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GPhC: Some pre-registration training 'not good enough'

Nigel Clarke: Addressing variation in quality will be a big challenge

The regulator's chair Nigel Clarke told a Westminster Health Forum event that placements can be "highly variable"

The quality of some pre-registration training is “not good enough”, the General Pharmaceutical Council (GPhC) has admitted.

Research carried out by the regulator and anecdotal evidence suggest that the quality of pre-registration placements can be “highly variable”, GPhC chair Nigel Clarke told delegates at a Westminster Health Forum event last week (November 17).

While some training is “excellent”, the variation between placements is “really not where we should be”, Mr Clarke stressed. His comments came after a GPhC survey found 89% of hospital pre-registration students who completed their placements in 2013-14 rated the quality of their training as "good" or "very good", compared to 74% of community students.

Fixing this problem will be a “big challenge” that involves "a lot of different organisations...talking to each other", he added.

Mr Clarke’s comments echoed those he made at a GPhC education conference earlier this month (November 10), when he admitted some training is “not ideal”. 

“We all need to have a pretty good look at how pre-reg works. We need to better understand how the structure should [work], who needs to be inputting more, and what we need to do [in] that process,” he said at the time.

England’s chief pharmaceutical officer Keith Ridge used his speech at the same event to predict that some English students may have to pay for their own pre-registration placements in the future.


How could the GPhC improve pre-registration training?

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Jupo Patel, Production & Technical

Main problem is the pharmacy schools take all and sundry to help the multiples and DoH hammer down wages.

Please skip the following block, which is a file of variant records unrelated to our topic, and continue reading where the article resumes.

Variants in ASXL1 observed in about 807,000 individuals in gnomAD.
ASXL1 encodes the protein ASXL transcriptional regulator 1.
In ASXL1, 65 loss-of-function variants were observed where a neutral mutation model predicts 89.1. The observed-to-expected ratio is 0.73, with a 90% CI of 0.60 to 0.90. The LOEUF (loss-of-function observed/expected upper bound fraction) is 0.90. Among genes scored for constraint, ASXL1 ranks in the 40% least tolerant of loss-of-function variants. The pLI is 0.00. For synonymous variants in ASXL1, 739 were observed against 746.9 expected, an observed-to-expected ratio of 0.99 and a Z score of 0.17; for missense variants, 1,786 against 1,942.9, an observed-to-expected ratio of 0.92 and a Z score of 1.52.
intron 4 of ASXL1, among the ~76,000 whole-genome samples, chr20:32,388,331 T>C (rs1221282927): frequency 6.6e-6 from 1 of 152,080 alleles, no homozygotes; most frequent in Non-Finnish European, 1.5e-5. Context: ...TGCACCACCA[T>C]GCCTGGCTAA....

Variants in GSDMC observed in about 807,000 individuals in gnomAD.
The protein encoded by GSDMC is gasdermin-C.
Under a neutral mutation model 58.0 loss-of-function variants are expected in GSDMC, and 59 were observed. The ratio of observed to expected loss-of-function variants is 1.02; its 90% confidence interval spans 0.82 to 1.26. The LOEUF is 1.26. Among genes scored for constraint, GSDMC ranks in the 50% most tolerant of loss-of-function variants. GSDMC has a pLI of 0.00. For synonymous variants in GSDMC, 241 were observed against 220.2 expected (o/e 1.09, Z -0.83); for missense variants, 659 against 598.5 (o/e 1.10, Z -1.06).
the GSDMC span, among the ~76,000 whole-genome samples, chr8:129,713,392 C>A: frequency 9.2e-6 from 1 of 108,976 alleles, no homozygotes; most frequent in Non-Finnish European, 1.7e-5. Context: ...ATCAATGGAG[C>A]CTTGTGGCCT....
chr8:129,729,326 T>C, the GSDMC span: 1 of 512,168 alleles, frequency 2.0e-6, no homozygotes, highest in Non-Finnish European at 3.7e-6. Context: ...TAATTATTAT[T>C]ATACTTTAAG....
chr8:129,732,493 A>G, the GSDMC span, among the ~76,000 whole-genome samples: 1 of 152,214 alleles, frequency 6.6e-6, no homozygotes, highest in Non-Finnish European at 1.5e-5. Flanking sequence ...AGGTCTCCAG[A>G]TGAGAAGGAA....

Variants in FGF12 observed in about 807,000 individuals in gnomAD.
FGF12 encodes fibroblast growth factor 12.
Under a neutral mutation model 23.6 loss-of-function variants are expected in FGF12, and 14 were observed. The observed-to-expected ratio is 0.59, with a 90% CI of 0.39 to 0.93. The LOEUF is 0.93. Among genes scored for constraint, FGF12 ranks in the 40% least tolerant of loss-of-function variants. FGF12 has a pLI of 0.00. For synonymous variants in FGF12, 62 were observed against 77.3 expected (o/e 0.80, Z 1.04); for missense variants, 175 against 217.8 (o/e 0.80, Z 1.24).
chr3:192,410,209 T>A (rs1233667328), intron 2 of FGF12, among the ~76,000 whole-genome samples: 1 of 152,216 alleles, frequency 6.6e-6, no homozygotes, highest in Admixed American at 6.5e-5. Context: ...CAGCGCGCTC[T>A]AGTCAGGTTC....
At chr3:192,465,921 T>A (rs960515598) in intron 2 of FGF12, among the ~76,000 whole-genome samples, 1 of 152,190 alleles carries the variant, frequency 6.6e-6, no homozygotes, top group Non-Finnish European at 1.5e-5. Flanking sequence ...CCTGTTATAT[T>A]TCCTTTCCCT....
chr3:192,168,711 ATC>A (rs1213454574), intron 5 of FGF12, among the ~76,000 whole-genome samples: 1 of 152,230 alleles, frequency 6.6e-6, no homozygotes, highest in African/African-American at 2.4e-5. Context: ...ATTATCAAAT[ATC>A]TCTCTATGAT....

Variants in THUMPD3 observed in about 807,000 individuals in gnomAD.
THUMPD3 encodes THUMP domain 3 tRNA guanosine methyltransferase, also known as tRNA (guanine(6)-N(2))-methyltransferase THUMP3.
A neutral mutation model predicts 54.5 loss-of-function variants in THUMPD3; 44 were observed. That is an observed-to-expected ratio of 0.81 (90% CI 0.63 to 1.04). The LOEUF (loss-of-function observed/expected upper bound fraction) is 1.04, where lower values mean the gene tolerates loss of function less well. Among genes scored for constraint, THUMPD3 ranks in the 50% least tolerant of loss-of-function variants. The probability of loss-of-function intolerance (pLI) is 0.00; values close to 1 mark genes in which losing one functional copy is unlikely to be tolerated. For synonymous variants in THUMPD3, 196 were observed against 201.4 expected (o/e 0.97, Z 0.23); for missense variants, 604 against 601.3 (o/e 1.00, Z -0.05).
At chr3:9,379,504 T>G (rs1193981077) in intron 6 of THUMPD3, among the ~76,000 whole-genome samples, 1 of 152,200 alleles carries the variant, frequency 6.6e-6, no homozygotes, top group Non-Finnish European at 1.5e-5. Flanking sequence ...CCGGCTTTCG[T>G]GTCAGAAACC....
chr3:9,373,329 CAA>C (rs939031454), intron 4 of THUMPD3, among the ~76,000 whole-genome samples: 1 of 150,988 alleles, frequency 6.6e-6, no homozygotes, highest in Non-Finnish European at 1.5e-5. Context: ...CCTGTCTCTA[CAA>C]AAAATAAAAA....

Gurjepal Pannu, Community pharmacist

*This comment has been removed for breaching C+D's community principles

Uma Patel, Community pharmacist

I agree However some pre-reg students are not good enough. They should have never gained a place in a pharmacy college. What % of tutors rated students as' not good enough'

Do I Not Like This Dotcom, Primary care pharmacist

By the same token there are probably some pre-reg tutors that are not fit for purpose. What is needed is an independent assessor visting students during their training placement to assess the quality of training and satisfaction of both the trainee and tutor whjich their repective situations. Sadly, due to the resource implications this is unlikely to happen!

London Locum, Locum pharmacist

Tough to mentor I suppose when you gave those really important MuRs to fit in.

John Carracher, Locum pharmacist

The GPhC should be assessing the quality of the teaching at the universitities, and if it is not upto scratch then that course should not be accredited. I have seen a lot of students who cannot calculate simple doses, this is not the fault of the tutors but of the universities who should have picked this up before the student graduated. How many pre- reg tutors hacve actually been trained, and in what form was that training undertaken. Have the tutors been assessed as to their capability if not why not. Do the tutors have the time to spend with the graduate, or is the graduate being used as another dispensing assistant. I know that they are supposed to be extra-numerate to the pharmacy, but this is not always the case Pre-reg tutors have a great responsibily in training the next generation of Pharmacists, and it is very important that they have the proper tools and credentials to provide this training and that is where the GPhC come in

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